So I finally got around to playing NieR: Automata. And then I beat it.
And then I fully completed it.
NieR: Automata was published by Square Enix back in 2017, and developed by Platinum Games led by eccentric director and creative genius Yoko Taro. It is set in a post-apocalyptic world where humanity has fled to the moon after an invasion by alien machines. The story revolves around combat androids, 2B and 9S, as they fight to reclaim Earth from the machines and uncover the truth behind the conflict.
There’s a pretty heavy theme of existentialism and philosophy (with some of the major bosses and characters being named directly after older philosphers, like Pascal, Engels, Kant, and Confucious) that asks questions on the nature of humanity, consciousness, and free will through the lens of androids and machines.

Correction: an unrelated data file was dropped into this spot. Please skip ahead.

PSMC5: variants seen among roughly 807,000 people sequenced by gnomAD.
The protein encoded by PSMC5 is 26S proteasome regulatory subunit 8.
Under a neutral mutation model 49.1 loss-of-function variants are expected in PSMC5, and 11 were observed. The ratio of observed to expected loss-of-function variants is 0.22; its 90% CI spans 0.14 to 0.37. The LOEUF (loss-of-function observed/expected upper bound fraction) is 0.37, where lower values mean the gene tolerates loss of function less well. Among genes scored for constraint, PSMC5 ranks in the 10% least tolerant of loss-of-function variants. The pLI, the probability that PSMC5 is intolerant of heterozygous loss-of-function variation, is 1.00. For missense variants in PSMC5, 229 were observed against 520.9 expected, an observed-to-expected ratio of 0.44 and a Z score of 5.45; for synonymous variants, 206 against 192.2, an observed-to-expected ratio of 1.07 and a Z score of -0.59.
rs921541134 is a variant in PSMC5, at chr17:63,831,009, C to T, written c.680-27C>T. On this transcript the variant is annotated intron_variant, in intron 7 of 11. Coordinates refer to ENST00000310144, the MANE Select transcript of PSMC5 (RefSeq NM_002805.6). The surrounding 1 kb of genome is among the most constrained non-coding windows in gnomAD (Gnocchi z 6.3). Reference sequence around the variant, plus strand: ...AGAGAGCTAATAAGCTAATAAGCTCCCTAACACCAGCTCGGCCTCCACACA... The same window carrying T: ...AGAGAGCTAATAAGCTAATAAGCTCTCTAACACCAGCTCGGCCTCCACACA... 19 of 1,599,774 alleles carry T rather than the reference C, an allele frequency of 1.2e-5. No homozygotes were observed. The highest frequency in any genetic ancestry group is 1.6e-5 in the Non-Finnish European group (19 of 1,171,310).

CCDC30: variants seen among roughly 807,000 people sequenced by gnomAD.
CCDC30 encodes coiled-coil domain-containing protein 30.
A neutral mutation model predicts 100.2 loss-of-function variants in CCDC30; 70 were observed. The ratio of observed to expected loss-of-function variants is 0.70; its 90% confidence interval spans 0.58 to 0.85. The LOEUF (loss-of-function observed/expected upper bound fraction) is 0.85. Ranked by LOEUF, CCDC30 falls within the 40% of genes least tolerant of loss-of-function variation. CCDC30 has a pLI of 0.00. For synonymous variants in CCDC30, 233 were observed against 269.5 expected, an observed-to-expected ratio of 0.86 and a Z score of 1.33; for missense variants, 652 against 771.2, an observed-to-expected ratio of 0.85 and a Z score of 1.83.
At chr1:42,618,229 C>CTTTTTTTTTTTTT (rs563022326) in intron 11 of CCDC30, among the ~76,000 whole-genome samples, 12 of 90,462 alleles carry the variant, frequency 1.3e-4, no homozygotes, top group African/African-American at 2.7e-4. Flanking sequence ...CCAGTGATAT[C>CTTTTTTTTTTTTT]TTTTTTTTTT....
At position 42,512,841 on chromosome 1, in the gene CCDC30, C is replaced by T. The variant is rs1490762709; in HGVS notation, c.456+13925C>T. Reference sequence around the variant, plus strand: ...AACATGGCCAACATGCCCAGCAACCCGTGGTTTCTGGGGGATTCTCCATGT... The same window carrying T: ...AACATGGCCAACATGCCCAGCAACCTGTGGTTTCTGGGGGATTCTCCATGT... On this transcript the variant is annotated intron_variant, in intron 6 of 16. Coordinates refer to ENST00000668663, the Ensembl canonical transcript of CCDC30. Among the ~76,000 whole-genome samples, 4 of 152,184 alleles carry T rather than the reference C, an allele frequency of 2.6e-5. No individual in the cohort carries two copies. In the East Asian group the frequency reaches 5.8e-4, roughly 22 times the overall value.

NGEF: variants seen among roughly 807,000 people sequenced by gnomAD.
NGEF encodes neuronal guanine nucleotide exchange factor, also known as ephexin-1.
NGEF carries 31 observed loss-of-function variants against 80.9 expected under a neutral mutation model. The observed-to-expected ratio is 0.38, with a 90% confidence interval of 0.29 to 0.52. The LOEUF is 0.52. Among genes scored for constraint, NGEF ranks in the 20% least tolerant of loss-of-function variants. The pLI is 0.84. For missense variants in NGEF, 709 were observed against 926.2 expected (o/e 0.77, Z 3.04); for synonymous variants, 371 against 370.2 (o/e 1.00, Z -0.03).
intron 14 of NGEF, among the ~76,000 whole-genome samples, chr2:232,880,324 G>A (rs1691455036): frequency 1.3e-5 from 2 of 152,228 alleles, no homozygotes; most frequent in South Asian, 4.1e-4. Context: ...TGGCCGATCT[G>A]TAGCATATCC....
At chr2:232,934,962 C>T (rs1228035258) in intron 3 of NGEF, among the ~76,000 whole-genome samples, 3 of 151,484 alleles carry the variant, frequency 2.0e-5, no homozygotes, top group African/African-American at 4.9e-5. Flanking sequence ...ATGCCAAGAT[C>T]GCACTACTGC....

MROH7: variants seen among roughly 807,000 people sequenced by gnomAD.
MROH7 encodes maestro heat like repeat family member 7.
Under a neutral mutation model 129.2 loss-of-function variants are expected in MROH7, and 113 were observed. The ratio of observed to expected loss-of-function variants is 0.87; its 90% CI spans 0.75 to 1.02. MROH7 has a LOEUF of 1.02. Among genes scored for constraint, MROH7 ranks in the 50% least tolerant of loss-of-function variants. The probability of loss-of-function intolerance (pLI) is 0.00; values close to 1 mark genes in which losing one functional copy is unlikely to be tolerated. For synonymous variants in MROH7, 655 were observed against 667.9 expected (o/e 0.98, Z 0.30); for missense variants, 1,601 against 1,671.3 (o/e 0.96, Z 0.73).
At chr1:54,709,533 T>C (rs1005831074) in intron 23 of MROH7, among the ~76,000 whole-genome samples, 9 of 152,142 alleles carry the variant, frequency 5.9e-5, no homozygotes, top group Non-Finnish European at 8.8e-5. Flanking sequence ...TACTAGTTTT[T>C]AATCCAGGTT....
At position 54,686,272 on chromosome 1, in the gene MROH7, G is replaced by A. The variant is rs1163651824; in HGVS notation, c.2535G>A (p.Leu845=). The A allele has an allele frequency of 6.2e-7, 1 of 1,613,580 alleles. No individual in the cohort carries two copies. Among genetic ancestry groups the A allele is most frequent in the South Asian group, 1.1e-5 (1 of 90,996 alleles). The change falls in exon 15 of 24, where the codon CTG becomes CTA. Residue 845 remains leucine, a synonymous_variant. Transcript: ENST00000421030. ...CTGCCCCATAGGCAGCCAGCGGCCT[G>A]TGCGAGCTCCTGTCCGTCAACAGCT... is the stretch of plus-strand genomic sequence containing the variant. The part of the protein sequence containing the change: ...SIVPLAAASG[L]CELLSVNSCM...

The soundtrack of the game created by Keiichi Okabe is just phenomenal. It does, more than almost anything else, drive home a feeling of loneliness, melancholy, and loss as you wander through areas falling into ruin that used to belong to a long distant humanity.
And finally the gameplay mechanics. It is, first and foremost, an action RPG, with fast paced hack and slash combat. However, there are places the game seemlessly transfers into other genres, like fighting games, bullet hell, and 2D platforming. Everything about this NieR: Automata feels like a love letter to videogames as a whole. Especially the final ending. If you know, you know.
I understand why this game is so highly recommended. It is truly a uniquely powerful experience that has a lot of layers to it. The soundtrack is gorgeous. The gameplay is fantastic. The story is unique and powerful. It seems like everyone who has played the game is deeply evangelistic about it, and I’m now one of them.
If you have the opportunity to pick it up and play, please do so.